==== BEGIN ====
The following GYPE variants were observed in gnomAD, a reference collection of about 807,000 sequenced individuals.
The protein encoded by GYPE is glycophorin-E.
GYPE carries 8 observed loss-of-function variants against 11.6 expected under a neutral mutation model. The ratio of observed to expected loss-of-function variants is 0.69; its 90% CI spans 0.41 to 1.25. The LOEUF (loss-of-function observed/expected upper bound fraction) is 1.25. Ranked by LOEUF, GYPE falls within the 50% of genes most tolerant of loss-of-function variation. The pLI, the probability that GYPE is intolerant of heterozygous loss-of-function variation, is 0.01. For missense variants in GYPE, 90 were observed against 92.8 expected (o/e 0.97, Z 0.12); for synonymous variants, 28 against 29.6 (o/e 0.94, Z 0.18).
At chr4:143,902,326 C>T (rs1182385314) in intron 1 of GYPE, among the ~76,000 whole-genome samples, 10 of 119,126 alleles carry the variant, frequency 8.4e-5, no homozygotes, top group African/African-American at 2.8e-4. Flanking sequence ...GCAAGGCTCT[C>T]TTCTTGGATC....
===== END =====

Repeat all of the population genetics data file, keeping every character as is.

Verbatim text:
The following GYPE variants were observed in gnomAD, a reference collection of about 807,000 sequenced individuals.
The protein encoded by GYPE is glycophorin-E.
GYPE carries 8 observed loss-of-function variants against 11.6 expected under a neutral mutation model. The ratio of observed to expected loss-of-function variants is 0.69; its 90% CI spans 0.41 to 1.25. The LOEUF (loss-of-function observed/expected upper bound fraction) is 1.25. Ranked by LOEUF, GYPE falls within the 50% of genes most tolerant of loss-of-function variation. The pLI, the probability that GYPE is intolerant of heterozygous loss-of-function variation, is 0.01. For missense variants in GYPE, 90 were observed against 92.8 expected (o/e 0.97, Z 0.12); for synonymous variants, 28 against 29.6 (o/e 0.94, Z 0.18).
At chr4:143,902,326 C>T (rs1182385314) in intron 1 of GYPE, among the ~76,000 whole-genome samples, 10 of 119,126 alleles carry the variant, frequency 8.4e-5, no homozygotes, top group African/African-American at 2.8e-4. Flanking sequence ...GCAAGGCTCT[C>T]TTCTTGGATC....